1. Sonnets – derived from the Italian word “sonetto” – a 14 line poem, divided into 3 parts. The First 8 lines are the ‘octave’, the last six lines are the ‘sestet’. The last two lines are called ‘couplet’. Giacomo Da Lentini is credited for the invention of Sonnets.
  2. Haiku – a traditional 3 line Japanese poem. It has 17 syllables, written in a 5/7/5 syllable count. Its origin can be traced back to as far as the 9th century.
  3. Limerick – a humorous and frequently rude form of verse, where the first and the fifth line rhyme. The third and fourth lines are shorter and share a different rhyme.

Under prose we have –

  1. Novel – a long work of narrative fiction, normally written in a story form and published as a book. There are also graphic novels that use illustrations to tell a story.
  2. Novella – a work of narrative prose fiction, which is longer than a short story but shorter than a novel.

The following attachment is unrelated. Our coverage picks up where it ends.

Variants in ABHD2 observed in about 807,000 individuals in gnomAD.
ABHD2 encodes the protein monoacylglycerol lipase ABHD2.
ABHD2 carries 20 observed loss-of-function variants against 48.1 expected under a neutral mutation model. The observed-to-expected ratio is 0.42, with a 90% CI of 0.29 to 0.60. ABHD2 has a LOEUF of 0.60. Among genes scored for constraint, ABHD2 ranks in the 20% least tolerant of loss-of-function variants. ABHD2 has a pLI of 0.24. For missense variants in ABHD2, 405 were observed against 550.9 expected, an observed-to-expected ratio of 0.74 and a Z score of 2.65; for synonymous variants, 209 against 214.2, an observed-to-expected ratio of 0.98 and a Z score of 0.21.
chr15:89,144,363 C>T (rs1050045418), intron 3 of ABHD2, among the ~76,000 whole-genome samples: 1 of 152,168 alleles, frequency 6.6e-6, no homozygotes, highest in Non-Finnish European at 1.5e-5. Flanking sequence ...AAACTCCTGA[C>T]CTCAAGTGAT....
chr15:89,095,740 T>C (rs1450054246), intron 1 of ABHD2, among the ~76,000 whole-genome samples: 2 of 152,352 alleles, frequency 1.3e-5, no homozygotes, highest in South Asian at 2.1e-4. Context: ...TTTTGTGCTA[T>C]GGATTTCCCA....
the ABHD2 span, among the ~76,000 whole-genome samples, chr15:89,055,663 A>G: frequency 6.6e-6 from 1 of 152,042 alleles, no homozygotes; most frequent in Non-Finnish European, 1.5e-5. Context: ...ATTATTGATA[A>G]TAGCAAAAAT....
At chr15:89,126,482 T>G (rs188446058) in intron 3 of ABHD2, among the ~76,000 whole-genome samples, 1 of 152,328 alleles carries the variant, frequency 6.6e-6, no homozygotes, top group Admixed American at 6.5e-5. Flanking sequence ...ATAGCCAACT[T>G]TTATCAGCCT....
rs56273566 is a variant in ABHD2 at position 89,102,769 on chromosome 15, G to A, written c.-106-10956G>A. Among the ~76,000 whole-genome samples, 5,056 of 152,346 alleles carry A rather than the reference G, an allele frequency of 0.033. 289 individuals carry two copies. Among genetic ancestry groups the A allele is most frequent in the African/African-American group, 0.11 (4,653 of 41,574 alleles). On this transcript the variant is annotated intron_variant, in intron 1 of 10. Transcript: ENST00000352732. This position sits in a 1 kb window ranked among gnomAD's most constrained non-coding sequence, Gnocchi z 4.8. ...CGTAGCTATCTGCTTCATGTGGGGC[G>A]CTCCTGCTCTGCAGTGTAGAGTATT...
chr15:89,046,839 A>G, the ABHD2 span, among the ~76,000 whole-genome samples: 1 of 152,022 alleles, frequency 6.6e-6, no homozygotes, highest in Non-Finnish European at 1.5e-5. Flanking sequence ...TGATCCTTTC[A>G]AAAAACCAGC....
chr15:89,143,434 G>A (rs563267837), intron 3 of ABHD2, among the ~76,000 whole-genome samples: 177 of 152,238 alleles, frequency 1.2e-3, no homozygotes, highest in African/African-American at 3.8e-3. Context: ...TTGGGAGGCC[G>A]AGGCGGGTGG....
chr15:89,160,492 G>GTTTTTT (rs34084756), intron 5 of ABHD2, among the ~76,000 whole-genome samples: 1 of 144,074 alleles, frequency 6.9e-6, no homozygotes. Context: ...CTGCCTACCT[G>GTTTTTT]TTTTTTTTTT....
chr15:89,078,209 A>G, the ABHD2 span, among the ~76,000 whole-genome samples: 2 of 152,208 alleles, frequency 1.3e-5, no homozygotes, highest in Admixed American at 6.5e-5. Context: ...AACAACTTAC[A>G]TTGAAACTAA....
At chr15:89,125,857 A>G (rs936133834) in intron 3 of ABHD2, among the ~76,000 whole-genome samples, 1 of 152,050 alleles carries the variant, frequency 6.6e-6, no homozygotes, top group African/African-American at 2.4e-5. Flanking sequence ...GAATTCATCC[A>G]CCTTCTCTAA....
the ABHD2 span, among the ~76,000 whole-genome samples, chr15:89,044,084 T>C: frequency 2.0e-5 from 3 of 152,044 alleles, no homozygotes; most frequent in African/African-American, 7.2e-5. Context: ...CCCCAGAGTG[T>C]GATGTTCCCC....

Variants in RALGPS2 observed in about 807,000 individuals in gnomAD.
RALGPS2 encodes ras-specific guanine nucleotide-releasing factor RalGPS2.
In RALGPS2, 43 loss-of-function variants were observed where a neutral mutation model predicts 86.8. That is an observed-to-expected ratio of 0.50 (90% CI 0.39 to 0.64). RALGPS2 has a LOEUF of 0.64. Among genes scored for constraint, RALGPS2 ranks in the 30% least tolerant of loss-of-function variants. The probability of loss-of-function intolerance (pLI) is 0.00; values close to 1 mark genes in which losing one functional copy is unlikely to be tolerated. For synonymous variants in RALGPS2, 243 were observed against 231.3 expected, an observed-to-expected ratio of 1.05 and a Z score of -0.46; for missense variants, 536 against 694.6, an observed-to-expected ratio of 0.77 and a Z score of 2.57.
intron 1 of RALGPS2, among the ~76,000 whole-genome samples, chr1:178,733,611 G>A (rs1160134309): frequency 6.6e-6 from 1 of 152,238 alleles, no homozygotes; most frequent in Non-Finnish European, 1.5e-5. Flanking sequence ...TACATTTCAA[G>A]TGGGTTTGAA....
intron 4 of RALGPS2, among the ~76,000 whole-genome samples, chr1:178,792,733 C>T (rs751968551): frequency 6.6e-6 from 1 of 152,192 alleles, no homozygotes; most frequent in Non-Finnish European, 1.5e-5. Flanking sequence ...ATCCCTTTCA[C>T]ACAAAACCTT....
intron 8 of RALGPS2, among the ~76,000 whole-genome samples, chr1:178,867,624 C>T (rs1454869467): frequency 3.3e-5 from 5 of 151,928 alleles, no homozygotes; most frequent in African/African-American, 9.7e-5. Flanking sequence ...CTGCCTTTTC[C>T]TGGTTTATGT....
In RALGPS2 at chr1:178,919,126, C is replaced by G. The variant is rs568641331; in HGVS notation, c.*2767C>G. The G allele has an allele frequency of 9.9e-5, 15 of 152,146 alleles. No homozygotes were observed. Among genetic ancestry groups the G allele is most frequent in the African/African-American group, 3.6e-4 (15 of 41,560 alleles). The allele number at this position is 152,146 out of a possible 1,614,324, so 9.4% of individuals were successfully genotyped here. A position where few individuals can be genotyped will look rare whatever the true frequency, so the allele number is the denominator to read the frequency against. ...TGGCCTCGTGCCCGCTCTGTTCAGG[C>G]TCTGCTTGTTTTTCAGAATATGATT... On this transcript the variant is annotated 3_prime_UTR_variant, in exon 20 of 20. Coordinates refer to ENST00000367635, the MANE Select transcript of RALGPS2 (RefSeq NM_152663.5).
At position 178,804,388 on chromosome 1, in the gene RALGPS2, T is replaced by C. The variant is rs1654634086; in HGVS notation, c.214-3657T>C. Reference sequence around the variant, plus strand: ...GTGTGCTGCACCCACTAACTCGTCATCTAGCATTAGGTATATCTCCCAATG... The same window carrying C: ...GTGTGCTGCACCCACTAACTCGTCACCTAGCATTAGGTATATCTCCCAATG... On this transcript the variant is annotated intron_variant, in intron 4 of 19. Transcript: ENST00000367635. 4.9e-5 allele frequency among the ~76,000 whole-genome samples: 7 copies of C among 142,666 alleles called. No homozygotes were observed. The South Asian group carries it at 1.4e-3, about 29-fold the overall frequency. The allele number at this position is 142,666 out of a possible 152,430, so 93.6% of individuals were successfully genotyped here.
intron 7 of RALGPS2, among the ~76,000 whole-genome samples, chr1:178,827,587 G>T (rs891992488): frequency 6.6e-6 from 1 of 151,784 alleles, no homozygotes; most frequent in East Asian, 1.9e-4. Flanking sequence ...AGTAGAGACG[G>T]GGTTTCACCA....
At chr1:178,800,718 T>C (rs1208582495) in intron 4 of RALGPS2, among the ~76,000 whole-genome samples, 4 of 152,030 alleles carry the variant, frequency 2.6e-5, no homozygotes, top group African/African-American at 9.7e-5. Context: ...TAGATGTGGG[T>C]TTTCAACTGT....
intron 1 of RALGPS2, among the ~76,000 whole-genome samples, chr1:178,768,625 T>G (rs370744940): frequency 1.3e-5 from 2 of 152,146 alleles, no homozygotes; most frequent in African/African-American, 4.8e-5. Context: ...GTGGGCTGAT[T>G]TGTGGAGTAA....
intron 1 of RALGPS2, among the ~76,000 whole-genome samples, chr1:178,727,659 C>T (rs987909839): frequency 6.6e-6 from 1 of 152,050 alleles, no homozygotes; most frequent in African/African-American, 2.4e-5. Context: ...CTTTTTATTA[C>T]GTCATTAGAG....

3. Short story – a piece of prose fiction that is typically read in one sitting. It focuses on self-contained incidents or series of linked incidents, with the intent of evoking a single effect or mood.

These are the genres and forms of literature one comes across as a reader or a student of literature. If you want to explore literature in more detail, check here. Comment below and let me know, what your favorite literary genre is.

Education Literature

The Art of Literature: To do or not to do?

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Literature what? 

Right. So literature,

“You never really understand a person until you consider things from his point of view… Until you climb inside of his skin and walk around in it.” – To Kill a Mockingbird by Harper Lee 

Or, or..